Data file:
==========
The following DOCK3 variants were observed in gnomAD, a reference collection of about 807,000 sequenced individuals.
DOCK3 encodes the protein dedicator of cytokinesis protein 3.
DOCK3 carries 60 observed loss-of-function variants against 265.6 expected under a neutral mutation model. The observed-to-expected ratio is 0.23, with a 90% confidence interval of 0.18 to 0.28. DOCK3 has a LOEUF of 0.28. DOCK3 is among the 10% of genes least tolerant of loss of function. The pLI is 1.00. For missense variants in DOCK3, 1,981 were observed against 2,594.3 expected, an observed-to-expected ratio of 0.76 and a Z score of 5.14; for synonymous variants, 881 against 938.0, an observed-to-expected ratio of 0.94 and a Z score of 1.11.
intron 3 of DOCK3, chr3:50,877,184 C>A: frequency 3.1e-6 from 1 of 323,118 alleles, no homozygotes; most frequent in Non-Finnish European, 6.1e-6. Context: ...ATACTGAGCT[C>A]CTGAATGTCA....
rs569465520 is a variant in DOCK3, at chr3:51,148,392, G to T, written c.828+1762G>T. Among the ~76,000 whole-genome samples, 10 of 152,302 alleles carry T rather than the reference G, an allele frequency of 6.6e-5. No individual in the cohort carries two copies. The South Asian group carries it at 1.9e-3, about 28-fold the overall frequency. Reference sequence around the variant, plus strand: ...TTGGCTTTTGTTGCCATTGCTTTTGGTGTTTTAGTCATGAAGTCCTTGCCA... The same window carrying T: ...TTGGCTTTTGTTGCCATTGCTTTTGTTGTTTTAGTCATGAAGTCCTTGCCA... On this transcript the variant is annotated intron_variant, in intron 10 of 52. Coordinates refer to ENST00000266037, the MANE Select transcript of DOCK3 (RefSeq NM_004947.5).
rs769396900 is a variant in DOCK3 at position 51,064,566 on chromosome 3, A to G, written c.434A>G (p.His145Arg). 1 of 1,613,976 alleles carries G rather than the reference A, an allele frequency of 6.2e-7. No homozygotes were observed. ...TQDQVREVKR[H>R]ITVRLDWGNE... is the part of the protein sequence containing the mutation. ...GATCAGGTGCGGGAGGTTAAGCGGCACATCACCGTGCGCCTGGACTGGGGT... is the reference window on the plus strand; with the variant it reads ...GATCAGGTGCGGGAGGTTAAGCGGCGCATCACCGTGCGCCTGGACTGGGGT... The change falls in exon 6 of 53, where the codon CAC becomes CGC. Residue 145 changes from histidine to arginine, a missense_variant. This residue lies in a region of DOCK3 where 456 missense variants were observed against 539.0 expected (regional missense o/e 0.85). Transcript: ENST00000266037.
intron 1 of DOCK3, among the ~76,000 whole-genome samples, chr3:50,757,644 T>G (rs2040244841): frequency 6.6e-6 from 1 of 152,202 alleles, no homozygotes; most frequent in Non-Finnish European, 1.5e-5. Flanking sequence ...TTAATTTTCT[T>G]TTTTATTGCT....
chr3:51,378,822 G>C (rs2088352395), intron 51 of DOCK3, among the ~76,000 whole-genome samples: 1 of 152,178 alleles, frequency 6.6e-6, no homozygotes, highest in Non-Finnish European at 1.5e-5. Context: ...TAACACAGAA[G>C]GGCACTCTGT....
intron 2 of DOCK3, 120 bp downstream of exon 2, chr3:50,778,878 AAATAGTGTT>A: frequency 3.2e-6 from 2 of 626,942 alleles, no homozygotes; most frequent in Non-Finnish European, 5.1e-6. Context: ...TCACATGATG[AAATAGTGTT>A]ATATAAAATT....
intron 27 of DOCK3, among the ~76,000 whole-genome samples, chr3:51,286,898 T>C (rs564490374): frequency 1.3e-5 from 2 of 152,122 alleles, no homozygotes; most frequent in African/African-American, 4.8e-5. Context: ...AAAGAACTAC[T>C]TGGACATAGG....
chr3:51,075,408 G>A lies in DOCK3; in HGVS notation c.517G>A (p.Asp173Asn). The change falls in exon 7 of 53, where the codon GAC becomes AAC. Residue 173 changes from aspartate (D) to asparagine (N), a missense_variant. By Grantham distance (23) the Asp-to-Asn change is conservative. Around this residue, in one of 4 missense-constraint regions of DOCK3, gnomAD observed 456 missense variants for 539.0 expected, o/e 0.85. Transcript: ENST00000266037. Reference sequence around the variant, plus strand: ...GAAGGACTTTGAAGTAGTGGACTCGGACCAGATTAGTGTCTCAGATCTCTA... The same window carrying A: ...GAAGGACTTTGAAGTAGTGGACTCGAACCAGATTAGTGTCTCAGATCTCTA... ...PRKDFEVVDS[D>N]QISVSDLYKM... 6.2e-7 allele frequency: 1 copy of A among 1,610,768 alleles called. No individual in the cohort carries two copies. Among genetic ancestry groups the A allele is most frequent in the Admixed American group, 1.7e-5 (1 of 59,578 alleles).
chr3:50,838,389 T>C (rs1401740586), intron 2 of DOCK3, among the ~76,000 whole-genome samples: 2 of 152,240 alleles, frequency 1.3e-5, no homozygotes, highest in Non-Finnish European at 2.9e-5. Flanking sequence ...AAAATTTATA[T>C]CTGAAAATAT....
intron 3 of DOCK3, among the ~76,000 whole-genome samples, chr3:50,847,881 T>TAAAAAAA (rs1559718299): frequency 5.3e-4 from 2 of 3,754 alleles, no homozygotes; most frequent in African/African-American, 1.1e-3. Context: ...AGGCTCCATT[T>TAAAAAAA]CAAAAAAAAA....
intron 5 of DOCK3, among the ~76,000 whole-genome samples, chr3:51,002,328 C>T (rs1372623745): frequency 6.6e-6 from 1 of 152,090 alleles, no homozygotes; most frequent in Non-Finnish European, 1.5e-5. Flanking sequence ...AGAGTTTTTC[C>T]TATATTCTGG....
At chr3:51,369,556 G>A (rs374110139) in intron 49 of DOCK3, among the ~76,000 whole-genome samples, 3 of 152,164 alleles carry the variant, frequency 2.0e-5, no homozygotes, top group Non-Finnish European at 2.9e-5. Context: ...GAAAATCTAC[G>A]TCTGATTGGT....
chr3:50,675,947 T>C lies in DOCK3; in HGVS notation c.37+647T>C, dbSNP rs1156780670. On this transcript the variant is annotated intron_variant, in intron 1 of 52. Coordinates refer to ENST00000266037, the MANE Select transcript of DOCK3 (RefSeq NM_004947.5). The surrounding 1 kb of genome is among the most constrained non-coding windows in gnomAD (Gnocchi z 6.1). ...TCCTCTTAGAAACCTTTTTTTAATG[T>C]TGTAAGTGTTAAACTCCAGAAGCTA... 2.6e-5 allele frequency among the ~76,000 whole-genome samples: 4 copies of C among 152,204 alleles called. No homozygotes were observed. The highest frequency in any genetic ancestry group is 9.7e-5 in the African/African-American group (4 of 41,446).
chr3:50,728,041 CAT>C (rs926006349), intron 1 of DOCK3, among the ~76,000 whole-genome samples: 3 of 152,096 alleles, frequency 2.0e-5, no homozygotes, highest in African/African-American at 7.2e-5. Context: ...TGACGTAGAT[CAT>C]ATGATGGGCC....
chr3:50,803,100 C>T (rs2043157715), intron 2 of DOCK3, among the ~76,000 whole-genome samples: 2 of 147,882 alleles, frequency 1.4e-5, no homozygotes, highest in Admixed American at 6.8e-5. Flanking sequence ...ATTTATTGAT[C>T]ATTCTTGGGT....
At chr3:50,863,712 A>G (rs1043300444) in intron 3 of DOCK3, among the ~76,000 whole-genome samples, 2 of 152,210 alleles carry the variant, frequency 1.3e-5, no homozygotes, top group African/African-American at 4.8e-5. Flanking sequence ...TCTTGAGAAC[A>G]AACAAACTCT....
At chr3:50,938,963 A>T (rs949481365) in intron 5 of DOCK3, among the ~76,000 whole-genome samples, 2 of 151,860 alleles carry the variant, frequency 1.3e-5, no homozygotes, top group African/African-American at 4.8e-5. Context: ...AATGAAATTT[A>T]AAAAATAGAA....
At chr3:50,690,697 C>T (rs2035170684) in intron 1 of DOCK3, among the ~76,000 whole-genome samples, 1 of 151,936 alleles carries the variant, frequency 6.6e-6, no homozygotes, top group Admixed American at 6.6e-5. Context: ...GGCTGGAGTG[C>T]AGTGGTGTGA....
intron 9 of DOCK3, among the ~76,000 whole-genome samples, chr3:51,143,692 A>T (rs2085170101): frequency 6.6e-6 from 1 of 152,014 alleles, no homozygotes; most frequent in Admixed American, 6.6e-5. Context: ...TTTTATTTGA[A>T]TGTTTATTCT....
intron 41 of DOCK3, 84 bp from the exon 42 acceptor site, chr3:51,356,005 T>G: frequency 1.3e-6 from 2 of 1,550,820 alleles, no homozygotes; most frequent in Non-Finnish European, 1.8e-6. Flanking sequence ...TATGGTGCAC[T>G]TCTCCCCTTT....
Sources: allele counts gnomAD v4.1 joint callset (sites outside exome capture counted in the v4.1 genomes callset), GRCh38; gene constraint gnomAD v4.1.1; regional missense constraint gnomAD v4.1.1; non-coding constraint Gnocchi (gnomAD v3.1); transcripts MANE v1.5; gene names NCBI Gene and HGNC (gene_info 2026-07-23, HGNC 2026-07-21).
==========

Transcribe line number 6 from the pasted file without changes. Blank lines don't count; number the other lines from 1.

rs769396900 is a variant in DOCK3 at position 51,064,566 on chromosome 3, A to G, written c.434A>G (p.His145Arg). 1 of 1,613,976 alleles carries G rather than the reference A, an allele frequency of 6.2e-7. No homozygotes were observed. ...TQDQVREVKR[H>R]ITVRLDWGNE... is the part of the protein sequence containing the mutation. ...GATCAGGTGCGGGAGGTTAAGCGGCACATCACCGTGCGCCTGGACTGGGGT... is the reference window on the plus strand; with the variant it reads ...GATCAGGTGCGGGAGGTTAAGCGGCGCATCACCGTGCGCCTGGACTGGGGT... The change falls in exon 6 of 53, where the codon CAC becomes CGC. Residue 145 changes from histidine to arginine, a missense_variant. This residue lies in a region of DOCK3 where 456 missense variants were observed against 539.0 expected (regional missense o/e 0.85). Transcript: ENST00000266037.